Some prefer to express the climate impact of the food system distributed on the final products, but N-fertilizers is embedded in all product categories as it is used on all crops regardless of the final use. From an agriculture production perspective it is much more relevant to discuss the impact of various inputs and methods used in agriculture rather than to distribute the impact, with dubious methods such as lifecycle assessment, on final products, be it beetroot or beef.  N-fertilizers are even “embedded” in manure when crops fed with artificial fertilizers are fed to animals, which means that a considerable share of N emissions from livestock manure has its origin in N-fertilizers.

To be continued…

If you are impatient and want to know more about N-fertilizers I can recommend the recently published Table Explainer written by Rasmus Einarsson (2024).


European Science Foundation 2013 ‘Nitrogen in Europe, Current problems and future solutions’ part of The European Nitrogen Assessment

Gao, Y., Cabrera Serrenho, A. Greenhouse gas emissions from nitrogen fertilizers could be reduced by up to one-fifth of current levels by 2050 with combined interventions. Nat Food 4, 170–178 (2023).

Millenium Ecosystem Assessment 2005 Millennium Ecosystem Assessment: Ecosystems and human well-being–synthesis World Resource Institute.

Payne et al Nitrogen deposition and plant biodiversity: past, present, and future Front. Ecol. Environ., 15 (2017), pp. 431-436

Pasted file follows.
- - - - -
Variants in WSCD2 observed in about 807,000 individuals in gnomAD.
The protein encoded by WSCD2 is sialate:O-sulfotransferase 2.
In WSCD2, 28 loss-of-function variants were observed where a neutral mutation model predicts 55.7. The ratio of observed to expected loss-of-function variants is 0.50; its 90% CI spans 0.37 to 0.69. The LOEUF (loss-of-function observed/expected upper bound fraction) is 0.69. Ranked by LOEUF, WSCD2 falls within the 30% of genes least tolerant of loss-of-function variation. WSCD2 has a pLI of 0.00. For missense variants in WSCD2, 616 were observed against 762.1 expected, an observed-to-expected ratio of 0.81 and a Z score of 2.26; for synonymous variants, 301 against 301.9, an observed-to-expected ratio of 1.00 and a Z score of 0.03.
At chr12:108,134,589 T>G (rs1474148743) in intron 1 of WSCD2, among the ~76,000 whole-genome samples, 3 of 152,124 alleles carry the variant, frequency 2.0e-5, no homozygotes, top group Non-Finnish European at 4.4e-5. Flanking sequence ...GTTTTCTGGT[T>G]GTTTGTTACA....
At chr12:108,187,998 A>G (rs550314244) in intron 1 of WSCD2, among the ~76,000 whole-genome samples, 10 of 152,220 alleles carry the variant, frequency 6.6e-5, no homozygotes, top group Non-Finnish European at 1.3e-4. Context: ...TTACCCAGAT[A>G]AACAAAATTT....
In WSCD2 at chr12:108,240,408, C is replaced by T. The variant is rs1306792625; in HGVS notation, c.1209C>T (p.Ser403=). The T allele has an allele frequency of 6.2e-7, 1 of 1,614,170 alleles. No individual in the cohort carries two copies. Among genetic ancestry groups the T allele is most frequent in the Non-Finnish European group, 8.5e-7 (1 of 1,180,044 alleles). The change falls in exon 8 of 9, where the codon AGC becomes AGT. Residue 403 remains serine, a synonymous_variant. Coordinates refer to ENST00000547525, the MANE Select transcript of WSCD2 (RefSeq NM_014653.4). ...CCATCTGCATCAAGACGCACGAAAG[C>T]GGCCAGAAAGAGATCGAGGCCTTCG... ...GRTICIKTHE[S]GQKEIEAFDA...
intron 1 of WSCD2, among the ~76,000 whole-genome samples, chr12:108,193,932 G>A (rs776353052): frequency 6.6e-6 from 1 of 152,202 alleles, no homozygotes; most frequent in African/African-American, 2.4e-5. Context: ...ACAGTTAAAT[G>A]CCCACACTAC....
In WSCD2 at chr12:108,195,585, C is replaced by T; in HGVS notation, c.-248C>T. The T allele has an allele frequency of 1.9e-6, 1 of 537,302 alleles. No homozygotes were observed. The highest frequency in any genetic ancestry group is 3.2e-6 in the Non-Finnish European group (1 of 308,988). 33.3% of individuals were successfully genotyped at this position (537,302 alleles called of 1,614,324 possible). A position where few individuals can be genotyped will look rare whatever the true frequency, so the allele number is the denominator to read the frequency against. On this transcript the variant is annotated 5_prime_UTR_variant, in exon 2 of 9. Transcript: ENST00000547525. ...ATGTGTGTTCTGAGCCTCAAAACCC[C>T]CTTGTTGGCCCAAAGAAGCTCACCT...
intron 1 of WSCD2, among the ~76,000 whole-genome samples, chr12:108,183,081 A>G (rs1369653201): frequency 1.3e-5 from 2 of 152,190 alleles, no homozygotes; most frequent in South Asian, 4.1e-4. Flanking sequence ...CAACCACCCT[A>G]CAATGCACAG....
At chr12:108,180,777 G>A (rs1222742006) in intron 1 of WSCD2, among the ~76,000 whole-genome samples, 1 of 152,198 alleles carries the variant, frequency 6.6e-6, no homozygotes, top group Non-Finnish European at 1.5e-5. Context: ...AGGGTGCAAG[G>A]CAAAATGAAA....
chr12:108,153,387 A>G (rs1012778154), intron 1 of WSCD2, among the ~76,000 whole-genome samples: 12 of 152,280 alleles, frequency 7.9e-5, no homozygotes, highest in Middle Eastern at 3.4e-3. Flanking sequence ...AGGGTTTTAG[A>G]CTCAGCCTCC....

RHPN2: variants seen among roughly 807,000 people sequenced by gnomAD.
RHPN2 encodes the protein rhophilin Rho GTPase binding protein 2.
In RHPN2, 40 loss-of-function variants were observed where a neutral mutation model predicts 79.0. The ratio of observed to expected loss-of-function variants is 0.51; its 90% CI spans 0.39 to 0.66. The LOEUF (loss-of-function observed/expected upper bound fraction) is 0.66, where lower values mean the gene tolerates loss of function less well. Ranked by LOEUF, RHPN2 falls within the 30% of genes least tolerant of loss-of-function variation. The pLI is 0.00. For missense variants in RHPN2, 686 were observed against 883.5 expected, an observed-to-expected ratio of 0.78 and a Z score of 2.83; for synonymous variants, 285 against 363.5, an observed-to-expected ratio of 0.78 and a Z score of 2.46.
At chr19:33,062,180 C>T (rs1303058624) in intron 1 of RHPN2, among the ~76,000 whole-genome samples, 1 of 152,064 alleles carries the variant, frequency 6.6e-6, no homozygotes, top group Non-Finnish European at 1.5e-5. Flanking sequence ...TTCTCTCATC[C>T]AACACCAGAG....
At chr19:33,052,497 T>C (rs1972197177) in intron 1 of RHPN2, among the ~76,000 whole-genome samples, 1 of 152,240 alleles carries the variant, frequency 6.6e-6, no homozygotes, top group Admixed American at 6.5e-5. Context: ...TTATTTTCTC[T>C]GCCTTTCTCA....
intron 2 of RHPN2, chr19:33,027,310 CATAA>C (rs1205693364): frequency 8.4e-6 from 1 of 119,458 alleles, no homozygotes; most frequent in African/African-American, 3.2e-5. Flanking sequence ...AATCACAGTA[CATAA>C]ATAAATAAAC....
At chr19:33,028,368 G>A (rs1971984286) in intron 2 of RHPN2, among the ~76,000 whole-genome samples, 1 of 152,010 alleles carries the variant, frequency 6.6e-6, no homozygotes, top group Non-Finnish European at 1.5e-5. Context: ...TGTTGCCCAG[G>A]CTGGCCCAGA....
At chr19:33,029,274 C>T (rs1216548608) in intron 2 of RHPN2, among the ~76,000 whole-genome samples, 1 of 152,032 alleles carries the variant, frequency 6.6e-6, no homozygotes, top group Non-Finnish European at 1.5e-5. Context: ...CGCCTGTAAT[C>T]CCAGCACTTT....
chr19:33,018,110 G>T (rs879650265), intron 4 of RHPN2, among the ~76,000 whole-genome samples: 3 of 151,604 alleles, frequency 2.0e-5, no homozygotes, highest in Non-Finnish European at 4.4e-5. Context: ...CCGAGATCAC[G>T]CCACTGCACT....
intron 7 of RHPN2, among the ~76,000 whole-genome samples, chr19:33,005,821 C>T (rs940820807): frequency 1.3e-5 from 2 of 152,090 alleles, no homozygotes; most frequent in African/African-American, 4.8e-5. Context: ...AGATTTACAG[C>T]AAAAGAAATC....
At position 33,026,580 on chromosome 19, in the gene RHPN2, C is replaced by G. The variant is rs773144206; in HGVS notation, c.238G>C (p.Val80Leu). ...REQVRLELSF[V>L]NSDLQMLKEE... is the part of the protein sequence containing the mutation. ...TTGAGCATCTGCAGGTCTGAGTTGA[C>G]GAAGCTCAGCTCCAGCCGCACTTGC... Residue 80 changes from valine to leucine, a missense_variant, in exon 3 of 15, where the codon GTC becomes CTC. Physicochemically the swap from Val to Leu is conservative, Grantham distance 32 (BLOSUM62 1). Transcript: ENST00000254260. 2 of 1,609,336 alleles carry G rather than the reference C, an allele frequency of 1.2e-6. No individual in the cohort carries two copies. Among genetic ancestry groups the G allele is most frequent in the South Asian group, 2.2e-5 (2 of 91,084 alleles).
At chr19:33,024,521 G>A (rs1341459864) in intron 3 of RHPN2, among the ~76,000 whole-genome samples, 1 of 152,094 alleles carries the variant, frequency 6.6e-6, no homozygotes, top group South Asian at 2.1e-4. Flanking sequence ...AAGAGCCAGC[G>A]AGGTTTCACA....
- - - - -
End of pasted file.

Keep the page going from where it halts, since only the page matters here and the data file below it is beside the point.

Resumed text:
Richardson K, et al Earth beyond six of nine planetary boundaries. Sci Adv. 2023 Sep 15;9(37).

Rundgren, G, Methane ruminations, Garden Earth Beyond sustainability 14 April 2024.

UNEP 2010 UNEP Year Book 2010: New science and developments in our changing environments United Nations Environment Programme.

USDA 2013 Fertilizer Use and Price

Wamelink et al  A novel method to estimate the response of habitat types to nitrogen deposition, Environmental Pollution, Volume 349, 2024,

Wang, Y., de Boer, I.J.M., Persson, U.M. et al. Risk to rely on soil carbon sequestration to offset global ruminant emissions. Nat Commun 14, 7625 (2023).

Ward MH, et al Drinking Water Nitrate and Human Health: An Updated Review. Int J Environ Res Public Health. 2018 Jul 23;15(7):1557.

Gunnar Rundgren

Gunnar Rundgren has worked with most parts of the organic farm sector. He has published several books about the major social and environmental challenges of our world, food and farming.